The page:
Overall, it was found values affirmation intervention narrowed the academic gap substantially between first generation students and continuing generation students (Harackiewicz et al., 2013).

In prompting the students to ruminate upon their self-integrity and self-worth, the intervention helped them recalibrate or reassess their self-esteem allowing them to apply themselves to the academic process with vastly reduced self-handicapping.

The strategy from BIT – more specifically Elizabeth Linos, senior advisor; Joanne Reinhard, advisor; and Simon Ruda, Principal Advisor: Head of Home Affairs, Security and International Development – to overcome the underperformance of BEM police applicants lay in creating a values affirmation intervention prior to testing, rather than in trying to modify the test itself.

The Solution

In the email that follows the Behavioural Styles Assessment inviting the applicant to sit the Situational Judgement Test, two very simple sentences were added. The first sentence congratulated the applicant for successfully completing the behavioural assessment component.

The second asked the applicant to: “take some time to think about why they want to become a police constable’ before commencing the SJT.

The first sentence is a demonstration of the type of positive priming which BIT have successfully used in other case studies. Though it doesn’t appear to be significant, in its absence the email (which I have not viewed) would have come across with less warmth and encouragment.

Most of the efficacy in this intervention, however, appears to come from the second sentence. It lies in an assumption of the applicant’s mindset; that the applicant has altruistic motives for wanting to join the police force and that accessing this altruism via a values affirmation prompt can override or negate any stereotype threat.

As the BIT case study states; ‘It is possible therefore that our intervention is helping BME applicants go with their gut instinct when answering questions, rather than what they expect the ‘correct’ answer to be.’

The Results

BIT results

BME applicants who were subjected to the intervention were 20% more likely to pass the SJT than the BME applicants in the control group who did not receive the intervention.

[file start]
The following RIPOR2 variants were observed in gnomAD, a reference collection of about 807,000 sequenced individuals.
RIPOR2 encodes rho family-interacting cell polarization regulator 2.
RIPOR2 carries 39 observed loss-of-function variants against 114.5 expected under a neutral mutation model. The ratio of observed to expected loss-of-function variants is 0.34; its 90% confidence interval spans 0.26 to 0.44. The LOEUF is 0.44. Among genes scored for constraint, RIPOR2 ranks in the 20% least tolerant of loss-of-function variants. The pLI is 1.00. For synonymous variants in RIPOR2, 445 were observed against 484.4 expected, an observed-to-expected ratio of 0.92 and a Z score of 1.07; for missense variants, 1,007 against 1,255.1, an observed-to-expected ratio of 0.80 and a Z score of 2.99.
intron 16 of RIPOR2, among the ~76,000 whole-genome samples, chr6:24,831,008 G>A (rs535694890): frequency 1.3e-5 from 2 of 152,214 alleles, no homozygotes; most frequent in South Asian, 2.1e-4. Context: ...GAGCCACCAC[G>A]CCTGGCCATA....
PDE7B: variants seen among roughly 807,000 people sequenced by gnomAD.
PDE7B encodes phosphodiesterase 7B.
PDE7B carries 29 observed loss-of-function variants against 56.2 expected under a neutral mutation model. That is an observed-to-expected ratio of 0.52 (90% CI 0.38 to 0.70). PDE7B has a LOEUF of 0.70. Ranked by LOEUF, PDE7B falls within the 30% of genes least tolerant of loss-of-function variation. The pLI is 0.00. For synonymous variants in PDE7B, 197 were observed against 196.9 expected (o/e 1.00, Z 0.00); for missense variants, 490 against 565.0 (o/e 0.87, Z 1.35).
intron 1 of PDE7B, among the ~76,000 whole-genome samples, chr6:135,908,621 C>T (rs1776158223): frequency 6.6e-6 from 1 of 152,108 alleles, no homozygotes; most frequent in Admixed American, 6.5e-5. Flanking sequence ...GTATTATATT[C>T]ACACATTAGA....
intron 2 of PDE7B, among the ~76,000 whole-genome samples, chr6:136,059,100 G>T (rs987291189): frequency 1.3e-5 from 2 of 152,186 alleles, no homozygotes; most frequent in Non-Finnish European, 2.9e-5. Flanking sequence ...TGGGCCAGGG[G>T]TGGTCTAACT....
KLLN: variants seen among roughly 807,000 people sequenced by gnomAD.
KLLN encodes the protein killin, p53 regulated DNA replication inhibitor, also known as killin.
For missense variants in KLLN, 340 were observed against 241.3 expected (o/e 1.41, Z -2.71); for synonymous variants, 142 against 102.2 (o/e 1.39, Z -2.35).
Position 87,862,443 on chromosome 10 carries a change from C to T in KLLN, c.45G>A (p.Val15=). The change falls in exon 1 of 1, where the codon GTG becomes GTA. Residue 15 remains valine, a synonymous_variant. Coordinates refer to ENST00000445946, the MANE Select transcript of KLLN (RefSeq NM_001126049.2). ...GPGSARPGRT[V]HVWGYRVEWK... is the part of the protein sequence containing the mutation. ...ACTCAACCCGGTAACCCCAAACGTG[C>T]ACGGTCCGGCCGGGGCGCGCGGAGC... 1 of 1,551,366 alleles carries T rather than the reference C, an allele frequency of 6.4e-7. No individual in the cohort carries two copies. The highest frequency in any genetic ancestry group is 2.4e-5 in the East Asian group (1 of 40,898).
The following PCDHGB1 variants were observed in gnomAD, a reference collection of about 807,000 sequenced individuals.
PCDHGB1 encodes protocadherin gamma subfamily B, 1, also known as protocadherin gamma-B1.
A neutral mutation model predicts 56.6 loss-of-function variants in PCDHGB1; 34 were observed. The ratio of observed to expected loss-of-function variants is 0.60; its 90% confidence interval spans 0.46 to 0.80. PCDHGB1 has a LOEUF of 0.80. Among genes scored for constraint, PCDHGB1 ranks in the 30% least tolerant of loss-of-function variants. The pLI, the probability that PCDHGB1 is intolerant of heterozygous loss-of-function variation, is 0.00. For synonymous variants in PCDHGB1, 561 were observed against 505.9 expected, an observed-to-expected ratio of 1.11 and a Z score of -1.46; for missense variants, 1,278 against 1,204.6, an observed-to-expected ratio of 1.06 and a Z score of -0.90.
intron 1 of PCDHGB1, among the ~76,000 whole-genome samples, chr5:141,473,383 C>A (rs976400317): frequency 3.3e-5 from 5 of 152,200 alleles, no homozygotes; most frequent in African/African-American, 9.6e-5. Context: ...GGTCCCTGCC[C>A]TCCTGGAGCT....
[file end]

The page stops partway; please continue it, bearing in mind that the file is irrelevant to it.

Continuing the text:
The probability of passing the test with the intervention became effectively the same for BME applicants as it was for non-BME applicants. And significantly, while this intervention appeared to have a positive effect on BME applicants, there was no effect on non-BME applicants. A jigsaw-fit result.

The Intuitive Leap and the Burden of Proof

By necessity, the work of the BIT is founded upon theoretical and statistical proofs. As they state on their blog: “Often the evidence base consists of experiments that are conducted within a different context, aimed at different populations or use different outcome measures”.

The theories around stereotype threat and values affirmation are clearly far more complex than what I have been able to present to you today, as are the findings of the BIT in this specific case study.

But in coming to this solution a great intuitive leap also appears evident. This leap takes prior research and reduces the methodologies to the absolute barest minimum. Instead of multiple 15-minute writing exercises, the applicant is asked for a moment’s consideration.

In its sophisticated underpinnings and crystalline brevity, this extraordinary solution reminds me of a quote by Miles Davis: “It’s not the notes you play, it’s the notes you don’t play.”

References:

Steele, C. M., & Aronson, J., (1995). Stereotype threat and the intellectual test performance of African Americans. Journal of Personality and Social Psychology, 69(5). 797-811.

Harackiewicz, J. M., Canning, E. A., Tibbetts, Y., Giffen, C. J., Blair, S. S., Rouse, D. I. & Hyde, J. S., (2013). Closing the social class achievement gap for first-generation students in undergraduate biology. Journal of Educational Psychology, 106(2). 375-389.

Antony Giorgione is a freelance creative strategist